I recently attended a world premiere in Denver of the play Just Like Us, written by Helen Thorpe, the wife of the current Governor of Colorado. It is based on Thorpe's 400-page book about 4 young women in Denver as they finish high school and go on to college. Sounds simple, but two of them are American citizens, and two are illegal immigrants. Thorpe's book is far from being fiction - she followed these four from 2004 to 2010, changing only names to protect the innocent. These are real lives, real challenges faced by huge numbers of school children, some of whose parents came here without "papers."
The word "papers" seems so benign, but it is not. As one of the illegals screams in angst to her American friend "You have your papers. You don't think the way we do!" One of the girls sees her Mother being forced to return to Mexico to avoid jail time, and both of the "illegal" girls are in constant anxiety of being stopped by the police in case their immigration status is discovered.
Some real names are used in the play, including Tom Tancredo, who plans to challenge the current governor for his job in the next Colorado election. Tancredo has achieved fame across America for his stance against illegal immigration, and he gets lots of stage time here to expound his views. This is very ably and forcefully done by actor Richard Azurdia. He is just one of 15 actors who bring Thorpe's book to life, thanks to playwright Karen Zacarias who has won several prestigious awards including 2010's Steinberg Citation winner for best new play and 2006's Francesca Primus Award for an emerging woman playwright.
Thorpe herself is cast in the play by actress Mary Bacon as a participant-observer, in part because that's the style of journalism she employed but also because her husband John Hickenlooper (may or Denver during the period of the play) figured in the play. He was found to have employed an illegal worker who was involved in a murder.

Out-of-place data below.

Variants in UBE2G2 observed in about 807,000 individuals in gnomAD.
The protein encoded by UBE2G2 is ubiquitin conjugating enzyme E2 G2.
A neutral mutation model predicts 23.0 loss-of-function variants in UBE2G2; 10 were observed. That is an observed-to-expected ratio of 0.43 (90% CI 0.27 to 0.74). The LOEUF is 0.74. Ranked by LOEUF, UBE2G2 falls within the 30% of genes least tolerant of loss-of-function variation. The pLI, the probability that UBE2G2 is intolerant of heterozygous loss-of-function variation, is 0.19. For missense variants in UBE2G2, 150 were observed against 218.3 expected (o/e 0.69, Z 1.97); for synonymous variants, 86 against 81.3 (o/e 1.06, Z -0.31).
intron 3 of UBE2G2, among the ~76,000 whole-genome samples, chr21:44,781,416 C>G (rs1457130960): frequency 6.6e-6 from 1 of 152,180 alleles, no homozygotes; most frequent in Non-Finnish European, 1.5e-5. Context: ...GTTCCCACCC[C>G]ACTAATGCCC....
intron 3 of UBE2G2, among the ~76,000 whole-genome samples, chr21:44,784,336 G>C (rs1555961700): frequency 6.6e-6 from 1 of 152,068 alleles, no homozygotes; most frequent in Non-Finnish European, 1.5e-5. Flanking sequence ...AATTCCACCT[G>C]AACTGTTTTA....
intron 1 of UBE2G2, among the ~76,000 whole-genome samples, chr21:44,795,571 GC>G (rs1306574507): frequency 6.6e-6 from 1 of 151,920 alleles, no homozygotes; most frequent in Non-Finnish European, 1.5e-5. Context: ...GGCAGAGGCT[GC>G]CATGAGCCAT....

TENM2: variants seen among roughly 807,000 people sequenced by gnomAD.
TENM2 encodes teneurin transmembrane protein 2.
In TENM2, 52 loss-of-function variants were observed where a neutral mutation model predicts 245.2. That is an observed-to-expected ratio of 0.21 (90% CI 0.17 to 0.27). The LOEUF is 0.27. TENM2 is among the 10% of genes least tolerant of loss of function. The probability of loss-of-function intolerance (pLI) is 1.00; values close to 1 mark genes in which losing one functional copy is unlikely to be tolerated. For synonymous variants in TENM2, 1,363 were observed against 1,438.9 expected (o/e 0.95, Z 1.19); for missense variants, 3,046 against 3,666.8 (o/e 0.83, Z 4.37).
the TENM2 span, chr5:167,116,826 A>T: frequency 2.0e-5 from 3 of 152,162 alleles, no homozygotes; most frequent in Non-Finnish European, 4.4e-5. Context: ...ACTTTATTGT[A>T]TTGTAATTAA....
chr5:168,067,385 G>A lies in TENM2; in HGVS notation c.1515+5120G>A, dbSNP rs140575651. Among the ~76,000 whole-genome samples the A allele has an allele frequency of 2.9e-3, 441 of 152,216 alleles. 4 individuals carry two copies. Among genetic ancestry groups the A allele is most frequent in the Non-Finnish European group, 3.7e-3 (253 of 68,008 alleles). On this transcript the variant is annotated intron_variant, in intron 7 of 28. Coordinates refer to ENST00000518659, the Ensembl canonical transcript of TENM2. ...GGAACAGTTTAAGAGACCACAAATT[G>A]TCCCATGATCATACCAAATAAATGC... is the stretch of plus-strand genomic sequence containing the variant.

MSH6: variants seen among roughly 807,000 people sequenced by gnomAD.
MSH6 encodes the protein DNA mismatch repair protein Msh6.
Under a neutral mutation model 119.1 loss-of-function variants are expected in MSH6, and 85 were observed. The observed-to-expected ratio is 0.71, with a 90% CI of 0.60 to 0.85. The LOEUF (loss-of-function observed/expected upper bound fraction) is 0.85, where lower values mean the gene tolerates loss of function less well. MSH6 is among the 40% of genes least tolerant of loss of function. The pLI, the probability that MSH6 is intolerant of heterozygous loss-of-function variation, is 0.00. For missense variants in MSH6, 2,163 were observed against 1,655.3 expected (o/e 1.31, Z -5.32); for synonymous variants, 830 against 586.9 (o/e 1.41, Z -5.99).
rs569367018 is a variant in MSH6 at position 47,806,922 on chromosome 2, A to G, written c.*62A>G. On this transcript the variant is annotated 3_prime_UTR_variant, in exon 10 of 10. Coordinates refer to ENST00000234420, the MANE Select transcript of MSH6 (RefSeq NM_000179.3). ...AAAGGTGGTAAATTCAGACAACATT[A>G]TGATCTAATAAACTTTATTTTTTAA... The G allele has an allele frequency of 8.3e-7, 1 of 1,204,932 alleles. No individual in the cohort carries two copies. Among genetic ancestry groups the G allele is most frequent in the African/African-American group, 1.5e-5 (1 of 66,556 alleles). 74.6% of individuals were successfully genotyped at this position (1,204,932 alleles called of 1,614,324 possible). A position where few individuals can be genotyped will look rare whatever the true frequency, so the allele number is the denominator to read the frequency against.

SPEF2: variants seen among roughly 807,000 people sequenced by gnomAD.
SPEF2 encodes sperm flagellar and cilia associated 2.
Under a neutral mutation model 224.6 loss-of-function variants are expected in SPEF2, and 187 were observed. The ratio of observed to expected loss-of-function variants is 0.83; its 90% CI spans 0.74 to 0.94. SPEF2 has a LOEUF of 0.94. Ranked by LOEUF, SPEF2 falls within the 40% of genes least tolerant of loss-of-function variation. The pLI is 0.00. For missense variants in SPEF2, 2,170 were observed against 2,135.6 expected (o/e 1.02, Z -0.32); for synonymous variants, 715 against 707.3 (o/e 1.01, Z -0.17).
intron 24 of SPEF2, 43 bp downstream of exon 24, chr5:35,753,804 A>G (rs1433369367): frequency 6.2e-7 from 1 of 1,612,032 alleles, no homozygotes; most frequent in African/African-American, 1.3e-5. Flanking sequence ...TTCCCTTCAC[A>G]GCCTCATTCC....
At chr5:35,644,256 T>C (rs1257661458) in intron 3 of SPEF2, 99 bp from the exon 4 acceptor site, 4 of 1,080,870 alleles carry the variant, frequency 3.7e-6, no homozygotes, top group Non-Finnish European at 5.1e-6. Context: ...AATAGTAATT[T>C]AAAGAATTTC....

Of the four girls, Bacon says they "are stubborn weeds determined to flower." It is only late in the play that she realises there "are no internal borders" in the minds of the girls without papers. The borders of countries exist, but they are external to the people she is studying. The journey that leads her to this revelation is to a large extent what the play is all about - the journey of a white American woman who finally understands what the girls really are.
I asked a couple leaving the play for their opinion. As regular theatre-goers to the Denver Center for 30 years their opinion carries some weight. The husband thought "it was quite preachy. It seemed more like a political rally than a play." His wife was also ambivalent, unsure is she liked it or not. The same opinion was expressed by others I talked to after the performance. I noticed several people did not return after the intermission, and there was a sense it was too long. A judicioius cut of 15 minutes would have made it more focused.
In any case, immigration reform is a hot-button issue in Washington now, so the timing of the play is opportune.
Just Like Us is being performed through Nov. 3, 2013. Visit the website for more information on tickets: denvercenter.org
Photo of the Center by Clifford Cunningham shows a huge banner ad on the right of the building for the play.